UCLPartners delivered two breakthrough series (BTS) collaboratives with 13 acute hospital trusts in the north Thames region to transform the care provided to patients with acute kidney injury (AKI) and sepsis.
The aims for the AKI and sepsis collaboratives were to achieve improvements in the recognition and treatment of patients admitted to hospital with AKI or sepsis, as well as to increase NHS staff quality improvement capability across the region.
The clinical outcome aims were to reduce AKI mortality by 25%, and sepsis mortality by 20%, whilst at the same time reducing hospital length of stay, and improving timely recognition, treatment and follow-up.
The analysis of over 2,000 AKI and sepsis cases throughout the programme showed that both collaboratives exceeded their aims, and reduced AKI mortality by 47%, and sepsis mortality by 24%.
Both collaboratives had strong engagement levels at regular learning sessions, where participating trust teams shared their experiences and progress in the form of storyboards and in group discussions.
The high number of avoidable deaths caused by AKI and sepsis, and the potential for improvements were the main reason for the partnership to prioritise its collaborative work on these conditions. In 2014, it was estimated that 40.000  deaths were caused by AKI, whilst 37.000  deaths were attributed to sepsis in England. With a population of ~6million people in its region, UCLPartners saw the significant impact it could have by improving care for people with AKI and sepsis.
The programme had two key objectives:
- Improving the quality of care and patient safety for people with AKI and sepsis
- Developing the improvement and patient safety capability of staff in the region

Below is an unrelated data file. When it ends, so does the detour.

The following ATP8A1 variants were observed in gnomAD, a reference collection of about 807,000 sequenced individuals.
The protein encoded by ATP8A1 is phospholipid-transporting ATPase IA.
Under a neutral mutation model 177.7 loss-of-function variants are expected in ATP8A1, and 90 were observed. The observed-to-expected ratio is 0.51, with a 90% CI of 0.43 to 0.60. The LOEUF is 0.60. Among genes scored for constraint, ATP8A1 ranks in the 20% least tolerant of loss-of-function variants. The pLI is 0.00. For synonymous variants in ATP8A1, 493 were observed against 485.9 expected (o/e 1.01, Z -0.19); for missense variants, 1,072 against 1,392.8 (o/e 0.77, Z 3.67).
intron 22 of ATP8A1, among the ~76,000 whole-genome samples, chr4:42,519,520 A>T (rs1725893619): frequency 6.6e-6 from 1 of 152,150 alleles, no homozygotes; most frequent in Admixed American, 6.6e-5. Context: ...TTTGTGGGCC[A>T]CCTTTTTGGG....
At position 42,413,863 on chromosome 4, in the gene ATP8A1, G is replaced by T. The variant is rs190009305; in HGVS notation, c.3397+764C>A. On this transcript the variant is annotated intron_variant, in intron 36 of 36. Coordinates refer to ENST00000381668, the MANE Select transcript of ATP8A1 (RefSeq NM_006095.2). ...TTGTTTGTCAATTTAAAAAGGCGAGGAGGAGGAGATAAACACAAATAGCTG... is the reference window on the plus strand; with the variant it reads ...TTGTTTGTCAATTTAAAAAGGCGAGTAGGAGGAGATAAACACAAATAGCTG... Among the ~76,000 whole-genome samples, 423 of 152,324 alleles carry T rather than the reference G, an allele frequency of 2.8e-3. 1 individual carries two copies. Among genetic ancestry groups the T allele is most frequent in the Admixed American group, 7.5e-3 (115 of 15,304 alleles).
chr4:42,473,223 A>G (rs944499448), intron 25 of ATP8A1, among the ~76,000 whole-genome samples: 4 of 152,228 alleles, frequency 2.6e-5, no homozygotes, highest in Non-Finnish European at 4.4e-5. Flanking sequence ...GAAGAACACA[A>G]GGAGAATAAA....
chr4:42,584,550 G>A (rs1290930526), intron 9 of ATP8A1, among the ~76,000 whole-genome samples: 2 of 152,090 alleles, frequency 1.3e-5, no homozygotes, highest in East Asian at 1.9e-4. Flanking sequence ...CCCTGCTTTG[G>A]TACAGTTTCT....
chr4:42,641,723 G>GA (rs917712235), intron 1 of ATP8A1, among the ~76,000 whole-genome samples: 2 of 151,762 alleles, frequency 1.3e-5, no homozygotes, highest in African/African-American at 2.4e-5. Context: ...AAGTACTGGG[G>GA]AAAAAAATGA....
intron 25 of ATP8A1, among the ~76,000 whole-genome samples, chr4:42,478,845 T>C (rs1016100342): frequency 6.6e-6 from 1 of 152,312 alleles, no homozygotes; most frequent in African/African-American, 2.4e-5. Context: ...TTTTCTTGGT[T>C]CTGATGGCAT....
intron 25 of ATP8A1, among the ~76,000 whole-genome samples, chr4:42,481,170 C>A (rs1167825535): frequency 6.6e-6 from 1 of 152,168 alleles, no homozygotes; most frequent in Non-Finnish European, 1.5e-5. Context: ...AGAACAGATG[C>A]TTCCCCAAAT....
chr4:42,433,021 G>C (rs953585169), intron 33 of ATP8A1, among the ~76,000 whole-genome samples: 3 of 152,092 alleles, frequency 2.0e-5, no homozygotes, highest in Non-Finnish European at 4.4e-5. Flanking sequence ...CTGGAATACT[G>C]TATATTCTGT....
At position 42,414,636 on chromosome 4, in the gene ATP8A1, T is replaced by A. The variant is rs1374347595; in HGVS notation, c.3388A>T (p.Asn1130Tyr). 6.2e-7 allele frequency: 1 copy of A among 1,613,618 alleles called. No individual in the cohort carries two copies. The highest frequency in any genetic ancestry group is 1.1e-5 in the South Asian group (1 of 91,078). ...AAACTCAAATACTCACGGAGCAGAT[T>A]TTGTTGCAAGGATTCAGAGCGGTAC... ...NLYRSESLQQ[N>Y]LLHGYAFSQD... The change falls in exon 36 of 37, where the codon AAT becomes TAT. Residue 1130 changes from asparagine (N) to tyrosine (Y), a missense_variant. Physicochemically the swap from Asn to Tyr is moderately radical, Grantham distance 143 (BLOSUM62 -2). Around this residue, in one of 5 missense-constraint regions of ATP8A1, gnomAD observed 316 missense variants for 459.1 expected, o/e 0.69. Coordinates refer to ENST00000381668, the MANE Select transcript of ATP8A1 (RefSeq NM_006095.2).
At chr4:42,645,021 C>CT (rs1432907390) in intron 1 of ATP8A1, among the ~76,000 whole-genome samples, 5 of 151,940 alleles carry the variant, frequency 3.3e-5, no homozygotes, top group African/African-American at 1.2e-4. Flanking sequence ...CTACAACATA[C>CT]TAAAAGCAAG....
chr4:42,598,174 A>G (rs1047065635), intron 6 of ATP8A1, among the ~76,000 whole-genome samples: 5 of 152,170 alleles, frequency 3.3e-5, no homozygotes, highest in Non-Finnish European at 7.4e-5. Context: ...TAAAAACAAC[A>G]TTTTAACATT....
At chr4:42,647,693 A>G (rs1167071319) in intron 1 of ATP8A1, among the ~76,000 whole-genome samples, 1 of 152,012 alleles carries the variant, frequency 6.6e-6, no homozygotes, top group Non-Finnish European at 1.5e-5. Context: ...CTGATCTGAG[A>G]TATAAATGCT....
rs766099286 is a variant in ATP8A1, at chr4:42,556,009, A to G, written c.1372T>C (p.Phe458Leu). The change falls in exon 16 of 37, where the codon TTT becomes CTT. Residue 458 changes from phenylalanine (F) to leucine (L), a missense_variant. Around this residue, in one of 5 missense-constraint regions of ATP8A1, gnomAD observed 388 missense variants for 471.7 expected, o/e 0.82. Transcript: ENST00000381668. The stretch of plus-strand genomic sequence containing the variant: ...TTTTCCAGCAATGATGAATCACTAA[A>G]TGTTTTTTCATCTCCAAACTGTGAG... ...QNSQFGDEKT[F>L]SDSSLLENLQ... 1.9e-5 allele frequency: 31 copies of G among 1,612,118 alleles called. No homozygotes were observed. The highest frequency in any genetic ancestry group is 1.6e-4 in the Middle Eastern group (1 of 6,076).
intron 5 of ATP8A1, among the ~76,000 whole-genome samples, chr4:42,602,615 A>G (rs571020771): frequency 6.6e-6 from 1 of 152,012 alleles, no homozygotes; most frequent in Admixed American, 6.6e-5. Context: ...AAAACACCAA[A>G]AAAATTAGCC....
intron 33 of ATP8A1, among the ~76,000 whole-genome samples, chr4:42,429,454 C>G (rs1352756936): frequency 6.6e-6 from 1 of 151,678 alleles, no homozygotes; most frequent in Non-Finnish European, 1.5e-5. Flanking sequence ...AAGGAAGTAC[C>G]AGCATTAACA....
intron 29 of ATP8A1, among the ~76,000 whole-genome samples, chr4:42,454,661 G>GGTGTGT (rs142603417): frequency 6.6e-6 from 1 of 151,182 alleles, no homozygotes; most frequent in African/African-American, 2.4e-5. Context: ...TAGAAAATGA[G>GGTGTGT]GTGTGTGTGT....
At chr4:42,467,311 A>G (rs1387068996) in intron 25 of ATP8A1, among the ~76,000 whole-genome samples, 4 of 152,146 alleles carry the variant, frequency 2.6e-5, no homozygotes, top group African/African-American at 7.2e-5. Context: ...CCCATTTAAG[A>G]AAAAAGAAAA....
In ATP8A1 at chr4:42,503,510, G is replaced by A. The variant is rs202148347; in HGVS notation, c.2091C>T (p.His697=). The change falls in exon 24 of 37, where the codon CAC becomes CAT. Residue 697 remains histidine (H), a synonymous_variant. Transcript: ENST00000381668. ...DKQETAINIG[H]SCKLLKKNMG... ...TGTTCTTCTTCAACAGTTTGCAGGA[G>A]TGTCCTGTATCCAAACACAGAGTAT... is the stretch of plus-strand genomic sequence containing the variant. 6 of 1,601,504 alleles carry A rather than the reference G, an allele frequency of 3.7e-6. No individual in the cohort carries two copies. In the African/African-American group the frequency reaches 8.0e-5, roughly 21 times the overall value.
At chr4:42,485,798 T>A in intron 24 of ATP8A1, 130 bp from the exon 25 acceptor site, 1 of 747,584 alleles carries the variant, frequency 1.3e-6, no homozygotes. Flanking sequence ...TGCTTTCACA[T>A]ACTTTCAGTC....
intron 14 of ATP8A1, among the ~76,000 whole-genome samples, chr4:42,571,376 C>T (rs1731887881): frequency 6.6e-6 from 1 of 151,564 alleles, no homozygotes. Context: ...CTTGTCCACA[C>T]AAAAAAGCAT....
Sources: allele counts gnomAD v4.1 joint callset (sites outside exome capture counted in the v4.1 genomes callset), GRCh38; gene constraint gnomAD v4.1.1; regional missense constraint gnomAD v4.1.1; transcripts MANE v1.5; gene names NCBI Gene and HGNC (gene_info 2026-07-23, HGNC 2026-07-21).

The clinical outcome aims of the AKI collaborative were to:
- Reduce 30-day mortality by 25%
- Improve renal function recovery
- Reduce hospital length of stay
These were supported by efforts to improve processes such as the timely recognition of AKI and delivery of AKI treatments.
The clinical outcome aims of the sepsis collaborative were to:
- Reduce 30-day mortality by 20%
- Reduce the number of sepsis related transfers to the intensive care unit
- Reduce hospital length of stay as one of the perceived indicators for care quality and patient safety.
Trusts that participated in the AKI and sepsis collaboratives were:
- Barking, Havering and Redbridge University Hospitals NHS Trust
- Barts Health NHS Trust
- Basildon and Thurrock University Hospitals NHS Foundation Trust
- Homerton University Hospital NHS Foundation Trust
- Luton and Dunstable University Hospital NHS Foundation Trust
- Mid Essex Hospital Services NHS Trust
- North Middlesex Hospital NHS Trust
- Princess Alexandra Hospital NHS Trust
- Royal Free London NHS Foundation Trust
- Southend University Hospital NHS Foundation Trust
- University College London Hospitals NHS Foundation Trust
- West Hertfordshire Hospitals NHS Trust
- Whittington Health NHS Trust
The AKI and sepsis workstreams were delivered as two separate Institute for Healthcare Improvement (IHI) Breakthrough Series collaboratives, which ran in parallel for 22 months, progressing through baseline, improvement and implementation phases. In addition to the classic BTS model, participating teams received a day of measurement training as well as an additional “holding the gains” learning session following the implementation period.
The trusts and their collaborative teams were actively supported by the UCLPartners programme team through all stages of the collaborative. This included the delivery of a total of 46 webinars, the provision of dedicated QI and measurement training, access to the IHI Open School, regular site visits, support with patient engagement, data collection support, and the final analysis of the collaborative.
A researcher-in-residence evaluated the collaboratives, by observing and interviewing participating teams to understand their and their trust’s motivation to take part in improvement collaboratives. This resulted in a separate report, which is in the process of being published and will be shared online when ready.
The programme team, working together with the trusts, also involved AKI and sepsis patients in the collaboratives from the planning phase, as members of the faculty, and learning sessions.